Columnist suggests that praying in library is perfectly acceptable
Woman disturbed by prayer in library should worry about something else
There’s no need to be offended by the sight of a devoted person praying in public, Ken Gallinger writes. After all, there are many more things to take offence at, like wearing a racist T-shirt in public.
Iwas doing research in my local library and witnessed something disturbing. A lady had a towel on the floor and was doing her prayers. She would stand up, bow down, and repeat for 15 minutes. Prayer should be done in one’s own home or a religious building. I was offended because the library is a public place and I had to witness something that should be done elsewhere. What are your thoughts?
In high school, I wrote an editorial in our student newspaper calling for abolition of reciting the Lord’s Prayer in public schools. I argued that forcing non-Christians (who, back then, were mostly Jews) to either participate in this ritual or be publicly ostracized was discriminatory. A couple of kids had parents who were school trustees, and when my words of wisdom were carried into their homes, the excrement hit the appliance. But 50 years later, I still think that using faith-specific prayers on public occasions (Remembrance Day, opening of Parliament or legislatures, state funerals, etc.) is wrong.
But this woman wasn’t asking you, or anyone else, to participate in her private ritual. She was silent, and if her bobbing distracted you so much, you weren’t exactly captivated by your research.
And that makes me wonder about the real roots of your indignation. I wonder if the real issue is not that she was a woman at prayer, but rather that she was likely a Muslim at prayer? Maybe that’s unfair; if so, I apologize. And even if I’m right, I have a tiny shred of sympathy; we live in a world where prayer is too often used to make political statements, and hijacking a spiritual discipline for dogmatic purposes is deplorable. But let’s be clear: such misuse is not the exclusive realm of any one brand of religious extremist; Christian fundamentalists, radical Zionists and Islamist zealots are as likely to abuse the “power of prayer” as anyone else.
You offer no evidence, however, that this woman was scoring political points; rather, she seems to have been involved in a personal devotion. Perhaps she was praying for peace in Gaza, Iraq or Ukraine — if so, to quote Christian liturgy, “Let the people say ‘Amen’.”
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I agree that the woman disturbed by the Muslim prayer in the library should worry about something else. She should be worried about the gradual erosion of everything Canada stands for thanks to multiculturalism and reasonable accommodation; she should be worried about the infiltration of the Muslim Brotherhood; she should be worried about Halal food funding terrorism while we have pork removed from schools and prisons; she should be worried that girls taking a Karate course in Halifax are told to go elsewhere because the presence of a female offended a Muslim man; she should be worried about Islamic courses on university campuses not being open to non-Muslims; she should be worried about rallies where Jews and Christians standing up for Israel are beaten and hospitalized by Palestinian sympathizers; she should be worried about Mosques radicalizing our youth; she should be worried about the grooming of suicide bombers; she should be worried about the terrorist plots against our country like the Toronto 18 and Via Rail that by the grace of God were prevented; she should be worried about honour killings, female genital circumcision and acid attacks taking place in our country; she should be worried about the on-going goal of establishing Shariah law and finally, she should be more than worried about the slaughter of Jews and Christians across the world by ISIS, Al Shabab, Boko Haram and all the other radical groups who are beheading, crucifying and hanging anyone who they consider an infidel and a kaffir.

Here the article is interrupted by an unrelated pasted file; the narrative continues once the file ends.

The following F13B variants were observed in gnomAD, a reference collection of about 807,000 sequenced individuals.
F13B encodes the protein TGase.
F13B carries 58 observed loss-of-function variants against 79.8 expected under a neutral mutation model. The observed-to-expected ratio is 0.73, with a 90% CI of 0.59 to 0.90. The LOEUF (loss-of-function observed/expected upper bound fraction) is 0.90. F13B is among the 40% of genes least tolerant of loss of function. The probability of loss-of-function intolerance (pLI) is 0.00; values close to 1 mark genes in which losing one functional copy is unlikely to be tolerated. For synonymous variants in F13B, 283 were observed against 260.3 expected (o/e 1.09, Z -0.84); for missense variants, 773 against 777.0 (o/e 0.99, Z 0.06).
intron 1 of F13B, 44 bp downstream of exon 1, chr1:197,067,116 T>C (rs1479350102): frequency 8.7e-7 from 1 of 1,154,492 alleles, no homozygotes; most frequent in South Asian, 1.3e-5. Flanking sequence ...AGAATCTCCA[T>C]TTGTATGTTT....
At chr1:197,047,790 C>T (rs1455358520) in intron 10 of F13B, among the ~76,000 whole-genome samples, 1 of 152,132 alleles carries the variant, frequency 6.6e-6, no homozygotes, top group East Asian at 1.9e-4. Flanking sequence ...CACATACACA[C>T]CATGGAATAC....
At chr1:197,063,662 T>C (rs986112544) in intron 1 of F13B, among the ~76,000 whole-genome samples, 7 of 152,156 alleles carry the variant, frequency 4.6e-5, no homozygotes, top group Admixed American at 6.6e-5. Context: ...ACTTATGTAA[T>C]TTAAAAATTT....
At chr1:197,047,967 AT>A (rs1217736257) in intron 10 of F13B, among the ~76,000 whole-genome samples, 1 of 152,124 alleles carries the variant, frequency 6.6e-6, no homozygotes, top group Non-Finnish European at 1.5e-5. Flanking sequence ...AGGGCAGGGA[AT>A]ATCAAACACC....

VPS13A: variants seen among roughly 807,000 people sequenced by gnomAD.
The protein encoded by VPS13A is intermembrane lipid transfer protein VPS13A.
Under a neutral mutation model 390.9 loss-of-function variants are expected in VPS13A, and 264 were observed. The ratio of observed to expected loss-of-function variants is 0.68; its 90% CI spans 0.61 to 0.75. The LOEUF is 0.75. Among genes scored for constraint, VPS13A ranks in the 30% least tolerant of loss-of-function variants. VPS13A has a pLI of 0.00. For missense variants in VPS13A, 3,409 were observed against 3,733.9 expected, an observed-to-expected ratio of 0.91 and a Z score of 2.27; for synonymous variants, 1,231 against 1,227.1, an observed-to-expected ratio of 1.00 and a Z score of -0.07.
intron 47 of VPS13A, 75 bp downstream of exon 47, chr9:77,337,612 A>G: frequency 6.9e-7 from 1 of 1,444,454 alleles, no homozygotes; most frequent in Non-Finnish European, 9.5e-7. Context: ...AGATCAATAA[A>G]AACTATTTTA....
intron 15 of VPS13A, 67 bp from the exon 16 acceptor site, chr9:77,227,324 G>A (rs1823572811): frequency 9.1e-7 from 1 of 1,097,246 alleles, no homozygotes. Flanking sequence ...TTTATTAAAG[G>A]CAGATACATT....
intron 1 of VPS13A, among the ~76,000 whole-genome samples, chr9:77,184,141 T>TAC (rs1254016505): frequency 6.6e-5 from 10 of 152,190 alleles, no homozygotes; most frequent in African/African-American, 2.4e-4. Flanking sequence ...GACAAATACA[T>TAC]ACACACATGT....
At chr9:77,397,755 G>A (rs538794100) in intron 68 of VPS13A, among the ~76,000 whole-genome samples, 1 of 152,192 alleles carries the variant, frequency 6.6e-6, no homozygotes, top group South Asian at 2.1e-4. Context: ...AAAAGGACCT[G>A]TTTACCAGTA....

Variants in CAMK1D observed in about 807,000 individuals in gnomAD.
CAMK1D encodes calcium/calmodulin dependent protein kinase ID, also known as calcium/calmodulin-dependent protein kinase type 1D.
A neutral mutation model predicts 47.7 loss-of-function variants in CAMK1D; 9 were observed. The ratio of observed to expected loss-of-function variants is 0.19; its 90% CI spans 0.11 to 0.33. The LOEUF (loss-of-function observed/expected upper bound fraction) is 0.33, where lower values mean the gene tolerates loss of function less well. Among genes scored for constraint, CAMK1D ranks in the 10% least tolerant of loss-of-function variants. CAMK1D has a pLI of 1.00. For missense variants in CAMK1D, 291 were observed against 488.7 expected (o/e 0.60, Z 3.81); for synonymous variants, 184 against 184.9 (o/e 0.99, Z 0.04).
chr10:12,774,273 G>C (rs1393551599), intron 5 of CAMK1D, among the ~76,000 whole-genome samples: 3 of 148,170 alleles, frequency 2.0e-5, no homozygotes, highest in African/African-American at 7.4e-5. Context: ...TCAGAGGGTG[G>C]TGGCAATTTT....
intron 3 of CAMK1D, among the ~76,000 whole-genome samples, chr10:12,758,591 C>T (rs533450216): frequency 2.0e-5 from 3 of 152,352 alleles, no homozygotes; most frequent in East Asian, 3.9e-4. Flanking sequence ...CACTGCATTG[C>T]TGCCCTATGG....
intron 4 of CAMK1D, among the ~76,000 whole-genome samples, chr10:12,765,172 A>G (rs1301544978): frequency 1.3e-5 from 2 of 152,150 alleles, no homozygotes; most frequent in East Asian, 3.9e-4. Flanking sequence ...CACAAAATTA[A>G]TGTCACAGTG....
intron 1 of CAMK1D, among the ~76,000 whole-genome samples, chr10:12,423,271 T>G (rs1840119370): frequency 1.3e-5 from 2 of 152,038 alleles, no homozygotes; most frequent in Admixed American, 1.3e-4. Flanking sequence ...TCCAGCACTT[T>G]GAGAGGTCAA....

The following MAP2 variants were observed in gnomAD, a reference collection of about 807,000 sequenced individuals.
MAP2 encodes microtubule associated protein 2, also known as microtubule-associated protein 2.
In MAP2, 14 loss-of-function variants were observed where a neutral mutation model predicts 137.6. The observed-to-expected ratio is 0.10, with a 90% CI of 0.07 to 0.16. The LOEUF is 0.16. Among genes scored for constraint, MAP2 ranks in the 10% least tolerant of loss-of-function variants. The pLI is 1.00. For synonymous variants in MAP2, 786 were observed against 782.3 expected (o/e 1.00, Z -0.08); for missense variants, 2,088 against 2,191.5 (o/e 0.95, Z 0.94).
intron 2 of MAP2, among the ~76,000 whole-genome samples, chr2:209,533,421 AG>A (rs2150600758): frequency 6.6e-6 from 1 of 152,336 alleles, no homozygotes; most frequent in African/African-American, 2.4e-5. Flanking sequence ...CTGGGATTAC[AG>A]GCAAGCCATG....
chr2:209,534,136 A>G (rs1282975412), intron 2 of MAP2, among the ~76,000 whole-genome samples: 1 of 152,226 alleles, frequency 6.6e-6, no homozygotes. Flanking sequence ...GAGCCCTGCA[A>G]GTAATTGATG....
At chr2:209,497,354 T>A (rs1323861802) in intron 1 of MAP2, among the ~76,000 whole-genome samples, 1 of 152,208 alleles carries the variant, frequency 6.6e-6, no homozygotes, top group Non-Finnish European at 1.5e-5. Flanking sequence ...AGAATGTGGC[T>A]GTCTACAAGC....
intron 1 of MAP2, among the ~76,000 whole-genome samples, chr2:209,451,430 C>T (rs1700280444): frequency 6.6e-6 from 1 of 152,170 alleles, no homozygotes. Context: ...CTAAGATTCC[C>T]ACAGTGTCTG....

Yes, I am sure the real issue was not the bobbing up and down but that it was a Muslim at prayer. This is simply another illustration of what is permitted for some people but not for others. You proudly made reference to an article written back in high school about removing the Lord’s prayer from school – because it might offend the Jews. It was never the Jews who complained about anything. They weren’t offended by Christian prayers in schools or public places; they weren’t offended by the celebration of Christmas or Easter; they didn’t DEMAND Kosher food in every possible food establishment. In fact, Canadians should be ashamed of the way Jews were treated in the early days. They arrived in Canada after the Holocaust mostly penniless – banned from universities and hospitals when in fact, they had to build their own (The Jewish General in Montreal). Did they whinge and whine about every possible slight – or did they just get on with it, eventually becoming the builders, entrepreneurs and biggest philanthropists in the country. Jews and Christians got along just fine and let’s not forget our country was founded on Judeo-Christian principles. We should be proud of that rather than allowing people to denounce it.
I don’t give a damn if Muslims are offended about anything. I am offended every single day by the gradual erosion of my Christian religion, my values, my liberty and my rights.
Oh, and I’m glad you think there are more troubling things to take offense at – like wearing a racist t-shirt in public? By this, do you mean a shirt bearing an image of Jesus Christ or Che Guevera or perhaps the new hero, ISIS leader al Baghdadi?
Valerie Price, Westmount, Quebec